Using 'blink without delay' sketch to improve 100khz PWM signal

using the code I made that would look like what I need is not good, since I will be using more code later on and can not have a delay pausing the rest of the code.(100khz will be always on)

#include <util/delay.h>
void setup()
  pinMode(PD3, OUTPUT);

void loop()
  digitalWrite(PD3, HIGH);
  digitalWrite(PD3, LOW);

i have not seen this been done and wondered if that would even be the right path to take to make this code without a delay. Keeping in mind my very short "_delay_us(0.55); " line of code

Why don't you just use one of the timer libraries like Timer1 and use the timer for PWM so you don't have to worry about what to do in the main loop?

Any timer done in code has to account for any other instructions executed in the loop. If you want a steady output you should definitely use one of the hardware timers.

16,000,000 clock cycles per second * 0.00001 seconds = 160 clocks per cycle

Do you need varying duty cycle (PWM) or just a square wave?

just a square wave,
so all i would be doing is use play with the built in timers rather what i am doing? to achieve that 100khz pulse?

Once you set up the timer, the 100 kHz square wave will come out the pin an will continue until your sketch tells it to stop or you turn off the power.
The first step is to pick a timer. I will assume you are using an Arduino UNO. Since you are counting to less than 256 you can use Timer2 (the 8-bit timer). Timer0 is used for the millis() timer and should generally not be changed. Timer1 is a 16-bit timer that can count up to 65535. Several common libraries use Timer1 (like Servo, IRremote, and tone()) so if you can use Timer2 you should use it first.
There are a couple of ways to make a square wave: Toggle the output every 80 counts OR set the period of a PWM output to 160 counts and set the duty-cycle to 50% (80 cycles). The first one is easier.
Get a copy of the ATmega328P datasheet and read about Timer2. You will see that the two main registers to set are TCCR2A and TCCR2B (Timer/Counter Control Registers). Start by setting them both to 0:

  TCCR2A = 0;
  TCCR2B = 0;

Now look at the Waveform Generation Mode table for Timer2. You want the CTC mode (Mode 2). Since all of the TCCR bits have been set to 0 you only need to set one bit: WGM21 (Bit 1 of the WGM field of Timer2). Look at the TCCR registers and you will see that WGM21 is in TCCR2A.

  TCCR2A |= (1 << WGM21);

To tell the timer how high to count before cycling back to 0 you set the ‘TOP’ value. The WGM table says to put the value in the OCR2A register for CTC mode.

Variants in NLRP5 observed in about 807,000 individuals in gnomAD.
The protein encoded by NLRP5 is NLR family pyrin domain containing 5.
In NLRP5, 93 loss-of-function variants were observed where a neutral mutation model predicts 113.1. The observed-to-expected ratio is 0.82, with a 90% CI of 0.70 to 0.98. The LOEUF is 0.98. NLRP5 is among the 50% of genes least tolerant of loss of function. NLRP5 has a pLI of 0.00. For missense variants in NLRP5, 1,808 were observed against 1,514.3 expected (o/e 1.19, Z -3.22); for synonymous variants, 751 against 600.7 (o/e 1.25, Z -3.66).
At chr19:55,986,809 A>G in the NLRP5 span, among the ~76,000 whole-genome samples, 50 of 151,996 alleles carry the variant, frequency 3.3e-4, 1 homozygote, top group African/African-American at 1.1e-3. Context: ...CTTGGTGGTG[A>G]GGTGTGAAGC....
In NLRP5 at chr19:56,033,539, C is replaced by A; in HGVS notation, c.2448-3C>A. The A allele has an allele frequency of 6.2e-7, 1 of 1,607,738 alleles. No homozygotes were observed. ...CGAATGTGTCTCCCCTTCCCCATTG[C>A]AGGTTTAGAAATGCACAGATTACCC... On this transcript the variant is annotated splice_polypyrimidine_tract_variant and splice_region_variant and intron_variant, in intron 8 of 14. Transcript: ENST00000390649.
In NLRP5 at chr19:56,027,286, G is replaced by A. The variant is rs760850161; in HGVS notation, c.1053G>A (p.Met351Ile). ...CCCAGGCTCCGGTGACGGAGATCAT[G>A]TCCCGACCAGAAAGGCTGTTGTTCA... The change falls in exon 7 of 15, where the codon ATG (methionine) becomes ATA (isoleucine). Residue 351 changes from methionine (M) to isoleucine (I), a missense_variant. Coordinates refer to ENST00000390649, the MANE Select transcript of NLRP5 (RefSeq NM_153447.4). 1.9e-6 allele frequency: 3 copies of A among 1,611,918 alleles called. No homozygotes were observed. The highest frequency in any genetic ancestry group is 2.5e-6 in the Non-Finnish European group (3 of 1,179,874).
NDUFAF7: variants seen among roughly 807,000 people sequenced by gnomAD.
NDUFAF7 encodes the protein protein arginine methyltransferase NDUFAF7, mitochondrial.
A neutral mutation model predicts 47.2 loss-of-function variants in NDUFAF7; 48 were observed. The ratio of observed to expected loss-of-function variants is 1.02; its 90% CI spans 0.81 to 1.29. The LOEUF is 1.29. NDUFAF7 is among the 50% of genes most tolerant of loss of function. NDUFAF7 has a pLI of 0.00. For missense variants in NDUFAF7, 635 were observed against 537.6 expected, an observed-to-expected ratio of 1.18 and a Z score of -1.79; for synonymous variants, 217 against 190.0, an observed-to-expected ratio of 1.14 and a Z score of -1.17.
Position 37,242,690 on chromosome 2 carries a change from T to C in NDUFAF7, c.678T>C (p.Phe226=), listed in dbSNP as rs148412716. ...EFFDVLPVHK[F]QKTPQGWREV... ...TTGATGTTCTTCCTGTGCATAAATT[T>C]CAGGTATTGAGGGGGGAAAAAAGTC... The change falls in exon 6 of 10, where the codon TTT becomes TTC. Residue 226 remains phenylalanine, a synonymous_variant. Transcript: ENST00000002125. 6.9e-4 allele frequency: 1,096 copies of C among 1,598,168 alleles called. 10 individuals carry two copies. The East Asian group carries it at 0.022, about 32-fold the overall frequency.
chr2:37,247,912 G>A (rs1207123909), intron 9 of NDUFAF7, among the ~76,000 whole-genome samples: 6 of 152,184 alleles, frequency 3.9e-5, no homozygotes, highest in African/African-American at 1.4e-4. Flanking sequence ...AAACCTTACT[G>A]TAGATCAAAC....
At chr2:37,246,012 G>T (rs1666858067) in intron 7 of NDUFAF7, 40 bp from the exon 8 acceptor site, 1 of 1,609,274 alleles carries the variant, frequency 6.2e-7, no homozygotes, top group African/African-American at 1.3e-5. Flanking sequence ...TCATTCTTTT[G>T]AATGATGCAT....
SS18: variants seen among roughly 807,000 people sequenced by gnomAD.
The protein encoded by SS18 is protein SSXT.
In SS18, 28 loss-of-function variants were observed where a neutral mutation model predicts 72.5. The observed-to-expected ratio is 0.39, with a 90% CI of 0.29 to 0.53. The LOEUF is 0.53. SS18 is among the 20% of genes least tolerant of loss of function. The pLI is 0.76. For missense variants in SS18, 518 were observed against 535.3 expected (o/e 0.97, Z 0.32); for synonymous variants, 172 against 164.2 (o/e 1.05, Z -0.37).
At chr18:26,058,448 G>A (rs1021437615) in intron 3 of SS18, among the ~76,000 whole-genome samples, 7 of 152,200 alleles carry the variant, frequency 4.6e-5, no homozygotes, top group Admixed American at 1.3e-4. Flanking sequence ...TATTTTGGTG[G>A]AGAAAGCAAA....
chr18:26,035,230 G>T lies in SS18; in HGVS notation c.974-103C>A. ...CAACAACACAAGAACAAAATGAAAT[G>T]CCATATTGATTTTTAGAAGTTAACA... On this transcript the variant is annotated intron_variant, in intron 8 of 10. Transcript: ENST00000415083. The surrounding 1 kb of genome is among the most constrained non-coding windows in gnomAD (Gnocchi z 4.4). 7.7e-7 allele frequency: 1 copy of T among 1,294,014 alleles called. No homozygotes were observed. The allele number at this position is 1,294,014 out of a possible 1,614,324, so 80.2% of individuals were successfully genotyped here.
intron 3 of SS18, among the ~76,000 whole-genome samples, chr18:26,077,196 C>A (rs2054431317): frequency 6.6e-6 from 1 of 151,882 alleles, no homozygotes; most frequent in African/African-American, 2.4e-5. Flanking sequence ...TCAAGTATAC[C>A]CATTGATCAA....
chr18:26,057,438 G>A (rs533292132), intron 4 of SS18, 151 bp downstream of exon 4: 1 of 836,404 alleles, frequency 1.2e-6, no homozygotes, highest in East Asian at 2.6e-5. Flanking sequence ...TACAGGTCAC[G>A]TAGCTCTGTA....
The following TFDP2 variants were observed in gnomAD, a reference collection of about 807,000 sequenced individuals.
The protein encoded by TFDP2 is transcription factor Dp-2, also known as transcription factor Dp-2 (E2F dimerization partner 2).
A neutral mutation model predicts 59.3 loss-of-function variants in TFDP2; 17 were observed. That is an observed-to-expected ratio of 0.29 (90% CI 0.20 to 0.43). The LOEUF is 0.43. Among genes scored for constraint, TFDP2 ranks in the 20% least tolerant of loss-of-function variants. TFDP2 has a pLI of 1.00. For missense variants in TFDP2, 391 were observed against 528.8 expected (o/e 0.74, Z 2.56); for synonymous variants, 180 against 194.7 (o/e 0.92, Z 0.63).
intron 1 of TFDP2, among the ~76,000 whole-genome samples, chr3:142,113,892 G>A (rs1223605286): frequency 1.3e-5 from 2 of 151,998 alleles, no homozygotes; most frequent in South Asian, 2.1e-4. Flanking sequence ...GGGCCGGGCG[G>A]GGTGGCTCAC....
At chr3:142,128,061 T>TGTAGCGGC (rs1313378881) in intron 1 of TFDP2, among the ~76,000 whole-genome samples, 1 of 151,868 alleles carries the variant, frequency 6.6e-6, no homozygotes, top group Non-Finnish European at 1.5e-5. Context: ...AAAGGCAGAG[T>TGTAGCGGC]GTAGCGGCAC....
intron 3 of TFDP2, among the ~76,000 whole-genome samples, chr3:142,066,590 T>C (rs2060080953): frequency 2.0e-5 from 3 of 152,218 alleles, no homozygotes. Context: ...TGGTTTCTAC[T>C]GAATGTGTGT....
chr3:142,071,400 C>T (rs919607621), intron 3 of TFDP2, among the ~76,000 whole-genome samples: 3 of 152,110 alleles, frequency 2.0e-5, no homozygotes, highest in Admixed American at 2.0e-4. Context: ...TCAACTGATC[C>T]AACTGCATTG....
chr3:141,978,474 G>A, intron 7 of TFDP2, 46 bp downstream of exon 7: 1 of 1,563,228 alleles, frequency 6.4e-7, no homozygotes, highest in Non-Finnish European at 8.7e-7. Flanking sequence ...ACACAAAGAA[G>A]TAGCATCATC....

OCR2A = 79;  // There are 80 counts, 0 to 79

To tell the counter how fast to count you set the Clock Select bits. We want it to count full speed (16 MHz) so we just have to turn on CS20. You’ll find it in the TCCR2B register:

  TCCR2B |= (1 << CS20);

The clock is off and running!
Now you want to tell the clock hardware to toggle an output pin each time the count hits TOP. You can use Pin 11 (OC2A) or Pin 3 (OC2B). Let’s assume Pin 3: OC2B. To tell the hardware to toggle, set the bits COM2B1 to 0 and COM2B0 to 1. Since we already set all the bits to 0 you only have to set COM2B0 which is in TCCR2A:

  TCCR2A |= (1 << COM2B0);

That’s all you need. Put it all in setup() and put nothing in loop() and your 100 kHz signal will come out of Pin 3 whenever your sketch is running.

void setup()
  // Clear the  Timer/Counter Control Registers for Timer 2
  TCCR2A = 0;
  TCCR2B = 0;

  // Set Waveform Generation Mode (WGM) 2 == "CTC"
  // Output Compare Register 2A (OCR2A) holds TOP
  TCCR2A |= (1 << WGM21);

  // Set TOP to 79 to get 80 ticks (5 microseconds) per half cycle.
  // That's 10 microseconds per cycle or 100 kHz.
  OCR2A = 79;

  // Set Compare Output Mode for pin OC2B to toggle 
  // at TOP to get a square wave
  TCCR2A |= (1 << COM2B0);

  // Clock Select == 1 (prescale == 1 == 16 MHz)
  // This starts the clock running.
  TCCR2B |= (1 << CS20);

  // You should now have 100 kHz coming out of pin OC2B == UNO Pin 3

void loop() {}

digitalWrite() is far too slow to produce a 100kHz output while other things are going on. (as are many other Arduino functions.) Maximum frequency without doing anything else at all is about 110kHz (See Maximum pin toggle speed - Frequently-Asked Questions - Arduino Forum)

(using a hardware timer is a much better idea!)